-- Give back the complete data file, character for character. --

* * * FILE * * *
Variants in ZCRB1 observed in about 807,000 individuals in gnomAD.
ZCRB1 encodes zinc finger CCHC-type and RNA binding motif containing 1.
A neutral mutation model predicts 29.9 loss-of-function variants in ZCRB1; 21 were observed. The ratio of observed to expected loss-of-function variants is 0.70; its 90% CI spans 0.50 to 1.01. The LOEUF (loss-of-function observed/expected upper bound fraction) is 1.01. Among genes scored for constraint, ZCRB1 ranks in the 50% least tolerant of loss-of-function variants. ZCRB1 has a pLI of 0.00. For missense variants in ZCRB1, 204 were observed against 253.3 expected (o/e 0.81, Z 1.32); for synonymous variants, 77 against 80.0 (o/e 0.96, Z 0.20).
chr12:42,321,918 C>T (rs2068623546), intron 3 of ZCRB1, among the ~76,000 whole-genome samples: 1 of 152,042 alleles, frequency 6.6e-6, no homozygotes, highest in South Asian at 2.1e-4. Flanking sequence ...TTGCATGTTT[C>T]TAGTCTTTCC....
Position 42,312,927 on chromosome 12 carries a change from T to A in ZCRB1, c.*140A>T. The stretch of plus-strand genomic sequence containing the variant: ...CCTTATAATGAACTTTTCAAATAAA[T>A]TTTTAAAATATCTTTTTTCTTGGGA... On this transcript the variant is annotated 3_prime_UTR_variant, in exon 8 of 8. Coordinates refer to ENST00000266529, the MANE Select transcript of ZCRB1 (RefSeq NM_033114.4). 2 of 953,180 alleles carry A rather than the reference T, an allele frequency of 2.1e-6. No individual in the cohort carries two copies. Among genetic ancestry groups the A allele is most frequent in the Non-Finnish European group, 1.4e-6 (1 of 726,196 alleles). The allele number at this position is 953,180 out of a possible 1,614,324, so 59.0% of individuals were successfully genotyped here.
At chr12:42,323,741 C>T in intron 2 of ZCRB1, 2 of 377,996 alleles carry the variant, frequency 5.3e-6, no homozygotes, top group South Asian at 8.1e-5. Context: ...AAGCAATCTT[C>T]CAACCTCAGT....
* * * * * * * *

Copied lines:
Variants in ZCRB1 observed in about 807,000 individuals in gnomAD.
ZCRB1 encodes zinc finger CCHC-type and RNA binding motif containing 1.
A neutral mutation model predicts 29.9 loss-of-function variants in ZCRB1; 21 were observed. The ratio of observed to expected loss-of-function variants is 0.70; its 90% CI spans 0.50 to 1.01. The LOEUF (loss-of-function observed/expected upper bound fraction) is 1.01. Among genes scored for constraint, ZCRB1 ranks in the 50% least tolerant of loss-of-function variants. ZCRB1 has a pLI of 0.00. For missense variants in ZCRB1, 204 were observed against 253.3 expected (o/e 0.81, Z 1.32); for synonymous variants, 77 against 80.0 (o/e 0.96, Z 0.20).
chr12:42,321,918 C>T (rs2068623546), intron 3 of ZCRB1, among the ~76,000 whole-genome samples: 1 of 152,042 alleles, frequency 6.6e-6, no homozygotes, highest in South Asian at 2.1e-4. Flanking sequence ...TTGCATGTTT[C>T]TAGTCTTTCC....
Position 42,312,927 on chromosome 12 carries a change from T to A in ZCRB1, c.*140A>T. The stretch of plus-strand genomic sequence containing the variant: ...CCTTATAATGAACTTTTCAAATAAA[T>A]TTTTAAAATATCTTTTTTCTTGGGA... On this transcript the variant is annotated 3_prime_UTR_variant, in exon 8 of 8. Coordinates refer to ENST00000266529, the MANE Select transcript of ZCRB1 (RefSeq NM_033114.4). 2 of 953,180 alleles carry A rather than the reference T, an allele frequency of 2.1e-6. No individual in the cohort carries two copies. Among genetic ancestry groups the A allele is most frequent in the Non-Finnish European group, 1.4e-6 (1 of 726,196 alleles). The allele number at this position is 953,180 out of a possible 1,614,324, so 59.0% of individuals were successfully genotyped here.
At chr12:42,323,741 C>T in intron 2 of ZCRB1, 2 of 377,996 alleles carry the variant, frequency 5.3e-6, no homozygotes, top group South Asian at 8.1e-5. Context: ...AAGCAATCTT[C>T]CAACCTCAGT....